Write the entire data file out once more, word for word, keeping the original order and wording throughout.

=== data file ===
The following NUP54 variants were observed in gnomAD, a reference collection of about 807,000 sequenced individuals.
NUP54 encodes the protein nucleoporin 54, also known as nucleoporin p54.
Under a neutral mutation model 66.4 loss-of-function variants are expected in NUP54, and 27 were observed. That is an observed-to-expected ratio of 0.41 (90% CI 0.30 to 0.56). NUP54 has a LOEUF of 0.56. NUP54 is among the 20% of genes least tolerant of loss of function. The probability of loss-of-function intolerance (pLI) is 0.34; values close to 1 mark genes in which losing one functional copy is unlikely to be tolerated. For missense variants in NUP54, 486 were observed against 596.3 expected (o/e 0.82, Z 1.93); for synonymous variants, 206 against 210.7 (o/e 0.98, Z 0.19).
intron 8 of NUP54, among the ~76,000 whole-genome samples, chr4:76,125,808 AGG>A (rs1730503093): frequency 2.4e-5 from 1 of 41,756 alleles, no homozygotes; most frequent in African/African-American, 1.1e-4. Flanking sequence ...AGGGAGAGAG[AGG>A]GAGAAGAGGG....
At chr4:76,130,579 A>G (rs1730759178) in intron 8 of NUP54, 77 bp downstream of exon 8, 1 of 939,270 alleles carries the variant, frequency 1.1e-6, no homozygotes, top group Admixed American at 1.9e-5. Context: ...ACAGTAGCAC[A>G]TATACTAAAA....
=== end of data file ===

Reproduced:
The following NUP54 variants were observed in gnomAD, a reference collection of about 807,000 sequenced individuals.
NUP54 encodes the protein nucleoporin 54, also known as nucleoporin p54.
Under a neutral mutation model 66.4 loss-of-function variants are expected in NUP54, and 27 were observed. That is an observed-to-expected ratio of 0.41 (90% CI 0.30 to 0.56). NUP54 has a LOEUF of 0.56. NUP54 is among the 20% of genes least tolerant of loss of function. The probability of loss-of-function intolerance (pLI) is 0.34; values close to 1 mark genes in which losing one functional copy is unlikely to be tolerated. For missense variants in NUP54, 486 were observed against 596.3 expected (o/e 0.82, Z 1.93); for synonymous variants, 206 against 210.7 (o/e 0.98, Z 0.19).
intron 8 of NUP54, among the ~76,000 whole-genome samples, chr4:76,125,808 AGG>A (rs1730503093): frequency 2.4e-5 from 1 of 41,756 alleles, no homozygotes; most frequent in African/African-American, 1.1e-4. Flanking sequence ...AGGGAGAGAG[AGG>A]GAGAAGAGGG....
At chr4:76,130,579 A>G (rs1730759178) in intron 8 of NUP54, 77 bp downstream of exon 8, 1 of 939,270 alleles carries the variant, frequency 1.1e-6, no homozygotes, top group Admixed American at 1.9e-5. Context: ...ACAGTAGCAC[A>G]TATACTAAAA....